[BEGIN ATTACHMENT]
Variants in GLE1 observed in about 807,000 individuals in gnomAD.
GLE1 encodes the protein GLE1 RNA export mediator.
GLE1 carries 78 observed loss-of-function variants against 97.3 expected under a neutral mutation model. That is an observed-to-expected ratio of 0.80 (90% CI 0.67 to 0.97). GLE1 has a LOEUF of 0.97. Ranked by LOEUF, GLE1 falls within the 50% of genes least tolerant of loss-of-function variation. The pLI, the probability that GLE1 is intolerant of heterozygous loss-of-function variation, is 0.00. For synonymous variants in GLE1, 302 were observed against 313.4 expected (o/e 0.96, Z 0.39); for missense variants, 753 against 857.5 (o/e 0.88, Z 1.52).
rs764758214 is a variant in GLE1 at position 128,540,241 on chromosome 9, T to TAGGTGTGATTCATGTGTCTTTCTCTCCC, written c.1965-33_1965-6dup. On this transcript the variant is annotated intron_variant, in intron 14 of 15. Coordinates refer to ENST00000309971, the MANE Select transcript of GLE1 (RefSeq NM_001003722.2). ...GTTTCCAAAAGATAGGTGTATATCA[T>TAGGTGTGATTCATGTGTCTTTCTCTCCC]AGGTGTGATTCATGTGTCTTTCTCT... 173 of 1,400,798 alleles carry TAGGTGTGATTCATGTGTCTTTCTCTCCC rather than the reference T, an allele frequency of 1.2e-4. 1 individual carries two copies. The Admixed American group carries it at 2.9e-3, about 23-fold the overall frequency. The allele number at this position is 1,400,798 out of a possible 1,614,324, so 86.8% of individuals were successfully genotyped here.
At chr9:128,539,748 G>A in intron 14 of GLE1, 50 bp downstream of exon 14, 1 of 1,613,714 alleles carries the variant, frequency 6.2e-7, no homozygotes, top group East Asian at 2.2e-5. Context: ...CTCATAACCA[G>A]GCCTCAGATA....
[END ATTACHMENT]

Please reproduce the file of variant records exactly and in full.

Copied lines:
Variants in GLE1 observed in about 807,000 individuals in gnomAD.
GLE1 encodes the protein GLE1 RNA export mediator.
GLE1 carries 78 observed loss-of-function variants against 97.3 expected under a neutral mutation model. That is an observed-to-expected ratio of 0.80 (90% CI 0.67 to 0.97). GLE1 has a LOEUF of 0.97. Ranked by LOEUF, GLE1 falls within the 50% of genes least tolerant of loss-of-function variation. The pLI, the probability that GLE1 is intolerant of heterozygous loss-of-function variation, is 0.00. For synonymous variants in GLE1, 302 were observed against 313.4 expected (o/e 0.96, Z 0.39); for missense variants, 753 against 857.5 (o/e 0.88, Z 1.52).
rs764758214 is a variant in GLE1 at position 128,540,241 on chromosome 9, T to TAGGTGTGATTCATGTGTCTTTCTCTCCC, written c.1965-33_1965-6dup. On this transcript the variant is annotated intron_variant, in intron 14 of 15. Coordinates refer to ENST00000309971, the MANE Select transcript of GLE1 (RefSeq NM_001003722.2). ...GTTTCCAAAAGATAGGTGTATATCA[T>TAGGTGTGATTCATGTGTCTTTCTCTCCC]AGGTGTGATTCATGTGTCTTTCTCT... 173 of 1,400,798 alleles carry TAGGTGTGATTCATGTGTCTTTCTCTCCC rather than the reference T, an allele frequency of 1.2e-4. 1 individual carries two copies. The Admixed American group carries it at 2.9e-3, about 23-fold the overall frequency. The allele number at this position is 1,400,798 out of a possible 1,614,324, so 86.8% of individuals were successfully genotyped here.
At chr9:128,539,748 G>A in intron 14 of GLE1, 50 bp downstream of exon 14, 1 of 1,613,714 alleles carries the variant, frequency 6.2e-7, no homozygotes, top group East Asian at 2.2e-5. Context: ...CTCATAACCA[G>A]GCCTCAGATA....